Please help! Need to paint over bright and bold colors


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Old 02-18-09, 07:26 PM
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Please help! Need to paint over bright and bold colors

My husband and I are closing on our first house on the 28th and we have a lot of painting ahead of us. We need advice on what we need to do because neither of us have painted over colors like the house has now. The living room, family room and a bathroom are painted bright teal, the master bedroom is red, one bedroom is neon orange and the other bedroom is neon green. The only areas in the house that are still white are the kitchen, master bathroom and laundry room. I know we will need to primer first before painting the rooms the colors we decide to do but not sure what type of primer is best that is odorless or has minimal odor. Can we use the same primer everywhere or do we need different ones based on the current wall color? Any suggestions is much appreciated!
 
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Old 02-18-09, 09:17 PM
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Clean-up 1st!!

B4 doing anything...wash/clean the walls first!
(I'd use POWDERED Dirtex. Often needs no rinsing!)

Dust-off all trims b4 taping.
Get all wall repairs done, sanded flush, & remove ALL dust.

NOW you're ready to prime! Beer 4U2
* My fave primer is C2-ONE. Not much odor!
* Zinsser 123 is another good Latex, but smells terrible IMO.
* Lots of other good primers out there too. Avoid the "Sub $15/gal" types!
* If you're paying around $17-$22/gal., it's decent primer.
* I'd avoid Kilz...there's better choices.
* These primers can be used anywhere.
* Unless you're gonna use real deep tones, White primer is fine.

You don't have to completely block the other colors. Primers are a LITTLE more sheer than paints. Just apply a good/full coat.
>>> Two topcoats of paint though!

Faron
 
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Old 02-19-09, 09:13 PM
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If the previous paint is flat paint, you don't need a primer. Use two coats of a good hiding paint.

If the previous paint is glossy you can use a waterbased bonding primer. Xim UMA is the very best (in my humble opinion) waterborne bonding primer and it can be used over everything, but the surface must first be clean. UMA is not cheap, but the adhesion is fabulous and the hide is good. 123Bullseye is OK too, but if you have hard, glossy paint (oil or latex) UMA will do a better job.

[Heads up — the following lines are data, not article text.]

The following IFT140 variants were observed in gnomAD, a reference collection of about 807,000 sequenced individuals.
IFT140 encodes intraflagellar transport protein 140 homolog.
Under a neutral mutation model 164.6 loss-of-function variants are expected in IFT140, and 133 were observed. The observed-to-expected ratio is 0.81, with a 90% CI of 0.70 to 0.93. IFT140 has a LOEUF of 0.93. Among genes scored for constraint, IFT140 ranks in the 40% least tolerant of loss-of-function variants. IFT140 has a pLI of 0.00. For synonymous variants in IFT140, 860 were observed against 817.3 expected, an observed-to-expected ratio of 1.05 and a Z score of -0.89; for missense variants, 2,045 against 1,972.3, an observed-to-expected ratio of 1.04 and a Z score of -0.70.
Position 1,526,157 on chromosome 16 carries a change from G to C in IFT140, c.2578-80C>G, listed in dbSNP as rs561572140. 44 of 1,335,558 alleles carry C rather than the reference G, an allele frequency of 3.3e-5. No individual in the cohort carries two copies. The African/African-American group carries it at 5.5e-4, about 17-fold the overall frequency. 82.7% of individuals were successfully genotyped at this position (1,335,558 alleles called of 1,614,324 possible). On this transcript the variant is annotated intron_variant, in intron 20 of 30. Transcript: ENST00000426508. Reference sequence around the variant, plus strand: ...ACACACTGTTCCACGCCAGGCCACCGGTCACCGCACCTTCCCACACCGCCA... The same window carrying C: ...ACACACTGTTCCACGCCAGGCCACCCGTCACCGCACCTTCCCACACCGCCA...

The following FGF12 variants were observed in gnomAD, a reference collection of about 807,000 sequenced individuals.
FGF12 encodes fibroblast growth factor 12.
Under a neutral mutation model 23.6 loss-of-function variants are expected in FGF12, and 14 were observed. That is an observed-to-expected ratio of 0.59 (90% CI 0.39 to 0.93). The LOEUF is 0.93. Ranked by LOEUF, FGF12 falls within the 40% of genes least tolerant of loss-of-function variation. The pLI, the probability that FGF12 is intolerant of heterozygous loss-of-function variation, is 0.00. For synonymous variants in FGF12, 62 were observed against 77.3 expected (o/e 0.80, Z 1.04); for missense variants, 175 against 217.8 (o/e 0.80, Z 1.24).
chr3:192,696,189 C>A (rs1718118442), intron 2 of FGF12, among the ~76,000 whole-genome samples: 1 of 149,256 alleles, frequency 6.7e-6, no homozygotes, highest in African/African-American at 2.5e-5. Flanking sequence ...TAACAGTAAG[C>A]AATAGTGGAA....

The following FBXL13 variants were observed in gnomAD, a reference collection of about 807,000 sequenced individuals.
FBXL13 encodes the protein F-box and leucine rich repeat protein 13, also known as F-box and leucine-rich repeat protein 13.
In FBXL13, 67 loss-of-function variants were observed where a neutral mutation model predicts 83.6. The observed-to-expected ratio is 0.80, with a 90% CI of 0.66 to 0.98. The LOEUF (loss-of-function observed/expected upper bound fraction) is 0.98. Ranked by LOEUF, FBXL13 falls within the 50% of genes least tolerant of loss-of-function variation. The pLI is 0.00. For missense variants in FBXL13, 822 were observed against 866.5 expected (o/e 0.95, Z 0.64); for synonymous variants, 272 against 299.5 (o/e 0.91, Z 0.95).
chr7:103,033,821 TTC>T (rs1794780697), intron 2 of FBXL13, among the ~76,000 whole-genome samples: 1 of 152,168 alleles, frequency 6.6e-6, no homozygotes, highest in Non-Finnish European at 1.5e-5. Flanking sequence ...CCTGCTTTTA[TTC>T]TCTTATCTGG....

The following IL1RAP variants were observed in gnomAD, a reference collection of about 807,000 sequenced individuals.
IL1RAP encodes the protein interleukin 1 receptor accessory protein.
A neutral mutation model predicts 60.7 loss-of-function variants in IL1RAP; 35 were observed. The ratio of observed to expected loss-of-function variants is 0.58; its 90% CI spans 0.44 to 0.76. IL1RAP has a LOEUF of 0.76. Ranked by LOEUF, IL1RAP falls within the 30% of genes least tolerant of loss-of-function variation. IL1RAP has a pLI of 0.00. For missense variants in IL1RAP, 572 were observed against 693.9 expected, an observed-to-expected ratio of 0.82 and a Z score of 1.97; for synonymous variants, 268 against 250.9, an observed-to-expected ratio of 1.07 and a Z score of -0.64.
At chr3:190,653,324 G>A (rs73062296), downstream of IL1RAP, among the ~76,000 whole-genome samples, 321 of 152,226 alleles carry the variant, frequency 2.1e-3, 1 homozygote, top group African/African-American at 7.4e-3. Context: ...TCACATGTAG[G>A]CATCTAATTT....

Dirtex is a good cleaner, another is Gloss Off waterbased deglosser.

Note: If you are converting from a hard, glossy oil to a flat latex paint, you should use shellac (or oil, but the oil universal primers are far worse than shellac in terms of odor) primer. Shellac is going to have some odor so you will have to ventilate well during and after priming, but it will get the job done. You always run the risk of a crackle finish converting from a hard glossy oil to a latex flat using a latex or waterborne primer.
 

Last edited by Slatz; 02-19-09 at 09:35 PM.
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Old 03-02-09, 07:09 AM
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This is not widely observed but for coverage and color clarity priming or undercoating over all your wild colors with white is the easiest and simply the best thing to do. One or two coats of high hiding primer or underbody is best, much better coverage than any finish paint, after all, that is what they are formulated for. If in doubt try a sample of your finish color in one or two coats over an area, then try your finish color over white. The finish over white will be a cleaner and clearer definition of the color.

Check it out,

Bill
 
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Old 03-02-09, 08:40 AM
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Bigg_Billy's points are good and quite valid, and I agree.

Technically, you should always start with white as a base if you wish to have the truest and cleanest color. It wouldn't matter if the old paint was neon orange or pastel blue. Starting with white will give you the truest color.

Practically speaking, this is rarely done, because the resulting color difference is negligible. The problem with the "block out with white" approach is that it usually takes two coats of primer to get to white to start with. The two extra coats is usually deemed not worth the while, because the resulting color difference is negligible.

Having said that, bright colors (neon orange, bright teal etc..) are easy to block out (with either primer or good hiding paint mixed from a white base). It is harder to block out a deep tone when you are finish painting with some off whites (creamy yellow whites in particular that have no black, umber, or gold etc..). For this reason, painters will often prime over deep tones (and usually only once - even though it will not totally block out the deep tone in one coat), before painting with light colors.
 

Last edited by Slatz; 03-02-09 at 09:07 AM.
 

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